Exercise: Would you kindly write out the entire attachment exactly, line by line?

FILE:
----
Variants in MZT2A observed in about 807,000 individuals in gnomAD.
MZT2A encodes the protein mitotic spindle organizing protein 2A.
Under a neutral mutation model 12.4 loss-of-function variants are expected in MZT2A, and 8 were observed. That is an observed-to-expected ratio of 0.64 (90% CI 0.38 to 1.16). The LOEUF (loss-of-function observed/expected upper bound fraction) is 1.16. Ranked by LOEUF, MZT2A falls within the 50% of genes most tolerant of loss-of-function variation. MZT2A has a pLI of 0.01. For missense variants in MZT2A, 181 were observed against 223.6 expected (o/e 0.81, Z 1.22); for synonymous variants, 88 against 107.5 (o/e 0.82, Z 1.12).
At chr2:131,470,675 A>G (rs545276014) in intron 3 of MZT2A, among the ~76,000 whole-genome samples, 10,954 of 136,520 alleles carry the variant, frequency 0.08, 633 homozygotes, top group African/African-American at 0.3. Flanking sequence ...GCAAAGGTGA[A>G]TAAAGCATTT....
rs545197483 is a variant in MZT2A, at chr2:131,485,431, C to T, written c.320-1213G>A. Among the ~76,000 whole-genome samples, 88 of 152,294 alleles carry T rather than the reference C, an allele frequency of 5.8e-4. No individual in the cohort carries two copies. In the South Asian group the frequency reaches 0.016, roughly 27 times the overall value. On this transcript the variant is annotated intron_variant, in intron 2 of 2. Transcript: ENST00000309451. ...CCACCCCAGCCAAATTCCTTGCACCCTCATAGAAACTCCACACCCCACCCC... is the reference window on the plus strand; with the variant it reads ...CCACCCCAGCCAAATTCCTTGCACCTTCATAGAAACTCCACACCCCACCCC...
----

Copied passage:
Variants in MZT2A observed in about 807,000 individuals in gnomAD.
MZT2A encodes the protein mitotic spindle organizing protein 2A.
Under a neutral mutation model 12.4 loss-of-function variants are expected in MZT2A, and 8 were observed. That is an observed-to-expected ratio of 0.64 (90% CI 0.38 to 1.16). The LOEUF (loss-of-function observed/expected upper bound fraction) is 1.16. Ranked by LOEUF, MZT2A falls within the 50% of genes most tolerant of loss-of-function variation. MZT2A has a pLI of 0.01. For missense variants in MZT2A, 181 were observed against 223.6 expected (o/e 0.81, Z 1.22); for synonymous variants, 88 against 107.5 (o/e 0.82, Z 1.12).
At chr2:131,470,675 A>G (rs545276014) in intron 3 of MZT2A, among the ~76,000 whole-genome samples, 10,954 of 136,520 alleles carry the variant, frequency 0.08, 633 homozygotes, top group African/African-American at 0.3. Flanking sequence ...GCAAAGGTGA[A>G]TAAAGCATTT....
rs545197483 is a variant in MZT2A, at chr2:131,485,431, C to T, written c.320-1213G>A. Among the ~76,000 whole-genome samples, 88 of 152,294 alleles carry T rather than the reference C, an allele frequency of 5.8e-4. No individual in the cohort carries two copies. In the South Asian group the frequency reaches 0.016, roughly 27 times the overall value. On this transcript the variant is annotated intron_variant, in intron 2 of 2. Transcript: ENST00000309451. ...CCACCCCAGCCAAATTCCTTGCACCCTCATAGAAACTCCACACCCCACCCC... is the reference window on the plus strand; with the variant it reads ...CCACCCCAGCCAAATTCCTTGCACCTTCATAGAAACTCCACACCCCACCCC...